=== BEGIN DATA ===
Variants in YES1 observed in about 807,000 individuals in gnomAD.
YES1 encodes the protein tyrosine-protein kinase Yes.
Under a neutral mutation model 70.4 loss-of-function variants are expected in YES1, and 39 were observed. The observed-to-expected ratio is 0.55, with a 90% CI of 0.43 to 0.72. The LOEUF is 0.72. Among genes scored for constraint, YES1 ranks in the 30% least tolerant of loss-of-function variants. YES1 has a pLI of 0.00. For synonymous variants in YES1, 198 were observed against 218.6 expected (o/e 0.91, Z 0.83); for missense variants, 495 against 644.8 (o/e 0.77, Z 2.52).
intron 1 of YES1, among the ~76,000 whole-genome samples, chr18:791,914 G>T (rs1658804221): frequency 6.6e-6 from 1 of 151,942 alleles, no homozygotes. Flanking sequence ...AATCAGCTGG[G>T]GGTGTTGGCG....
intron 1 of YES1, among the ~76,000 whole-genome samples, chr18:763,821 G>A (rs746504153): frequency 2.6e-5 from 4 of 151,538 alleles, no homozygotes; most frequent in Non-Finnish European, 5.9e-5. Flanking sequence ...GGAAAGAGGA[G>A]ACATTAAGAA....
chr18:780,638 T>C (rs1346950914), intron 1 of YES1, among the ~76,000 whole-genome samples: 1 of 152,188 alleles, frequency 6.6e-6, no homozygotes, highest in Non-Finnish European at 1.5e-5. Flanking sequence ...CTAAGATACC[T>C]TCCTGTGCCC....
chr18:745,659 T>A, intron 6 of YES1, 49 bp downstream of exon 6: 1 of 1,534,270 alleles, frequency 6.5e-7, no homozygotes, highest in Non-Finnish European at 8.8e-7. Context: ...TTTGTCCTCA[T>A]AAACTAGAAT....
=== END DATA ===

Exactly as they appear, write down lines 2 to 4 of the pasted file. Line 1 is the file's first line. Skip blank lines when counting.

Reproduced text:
YES1 encodes the protein tyrosine-protein kinase Yes.
Under a neutral mutation model 70.4 loss-of-function variants are expected in YES1, and 39 were observed. The observed-to-expected ratio is 0.55, with a 90% CI of 0.43 to 0.72. The LOEUF is 0.72. Among genes scored for constraint, YES1 ranks in the 30% least tolerant of loss-of-function variants. YES1 has a pLI of 0.00. For synonymous variants in YES1, 198 were observed against 218.6 expected (o/e 0.91, Z 0.83); for missense variants, 495 against 644.8 (o/e 0.77, Z 2.52).
intron 1 of YES1, among the ~76,000 whole-genome samples, chr18:791,914 G>T (rs1658804221): frequency 6.6e-6 from 1 of 151,942 alleles, no homozygotes. Flanking sequence ...AATCAGCTGG[G>T]GGTGTTGGCG....